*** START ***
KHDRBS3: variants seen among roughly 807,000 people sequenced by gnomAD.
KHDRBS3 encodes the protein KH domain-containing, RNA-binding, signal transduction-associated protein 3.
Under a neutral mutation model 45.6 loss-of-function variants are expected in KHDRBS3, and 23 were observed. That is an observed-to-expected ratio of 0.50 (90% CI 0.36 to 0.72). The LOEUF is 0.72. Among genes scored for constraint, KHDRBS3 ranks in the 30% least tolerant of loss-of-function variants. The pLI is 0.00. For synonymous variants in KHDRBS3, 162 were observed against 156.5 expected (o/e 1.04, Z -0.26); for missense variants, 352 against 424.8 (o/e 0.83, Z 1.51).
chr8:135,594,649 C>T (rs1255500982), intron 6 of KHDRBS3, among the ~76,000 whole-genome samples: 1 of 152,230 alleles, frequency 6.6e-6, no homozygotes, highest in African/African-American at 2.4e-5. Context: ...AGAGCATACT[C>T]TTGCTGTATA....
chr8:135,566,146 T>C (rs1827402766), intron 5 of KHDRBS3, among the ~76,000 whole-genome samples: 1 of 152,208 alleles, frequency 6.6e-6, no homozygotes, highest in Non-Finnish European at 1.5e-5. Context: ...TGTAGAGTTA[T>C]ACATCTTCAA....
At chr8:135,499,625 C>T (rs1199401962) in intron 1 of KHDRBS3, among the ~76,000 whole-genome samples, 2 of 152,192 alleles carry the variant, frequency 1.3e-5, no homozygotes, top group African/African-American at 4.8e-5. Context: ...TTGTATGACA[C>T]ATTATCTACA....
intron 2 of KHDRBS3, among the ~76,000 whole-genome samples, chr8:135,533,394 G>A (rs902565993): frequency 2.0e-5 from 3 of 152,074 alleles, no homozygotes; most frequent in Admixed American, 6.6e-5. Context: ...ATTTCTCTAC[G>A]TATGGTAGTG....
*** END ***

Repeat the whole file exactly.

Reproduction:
KHDRBS3: variants seen among roughly 807,000 people sequenced by gnomAD.
KHDRBS3 encodes the protein KH domain-containing, RNA-binding, signal transduction-associated protein 3.
Under a neutral mutation model 45.6 loss-of-function variants are expected in KHDRBS3, and 23 were observed. That is an observed-to-expected ratio of 0.50 (90% CI 0.36 to 0.72). The LOEUF is 0.72. Among genes scored for constraint, KHDRBS3 ranks in the 30% least tolerant of loss-of-function variants. The pLI is 0.00. For synonymous variants in KHDRBS3, 162 were observed against 156.5 expected (o/e 1.04, Z -0.26); for missense variants, 352 against 424.8 (o/e 0.83, Z 1.51).
chr8:135,594,649 C>T (rs1255500982), intron 6 of KHDRBS3, among the ~76,000 whole-genome samples: 1 of 152,230 alleles, frequency 6.6e-6, no homozygotes, highest in African/African-American at 2.4e-5. Context: ...AGAGCATACT[C>T]TTGCTGTATA....
chr8:135,566,146 T>C (rs1827402766), intron 5 of KHDRBS3, among the ~76,000 whole-genome samples: 1 of 152,208 alleles, frequency 6.6e-6, no homozygotes, highest in Non-Finnish European at 1.5e-5. Context: ...TGTAGAGTTA[T>C]ACATCTTCAA....
At chr8:135,499,625 C>T (rs1199401962) in intron 1 of KHDRBS3, among the ~76,000 whole-genome samples, 2 of 152,192 alleles carry the variant, frequency 1.3e-5, no homozygotes, top group African/African-American at 4.8e-5. Context: ...TTGTATGACA[C>T]ATTATCTACA....
intron 2 of KHDRBS3, among the ~76,000 whole-genome samples, chr8:135,533,394 G>A (rs902565993): frequency 2.0e-5 from 3 of 152,074 alleles, no homozygotes; most frequent in Admixed American, 6.6e-5. Context: ...ATTTCTCTAC[G>A]TATGGTAGTG....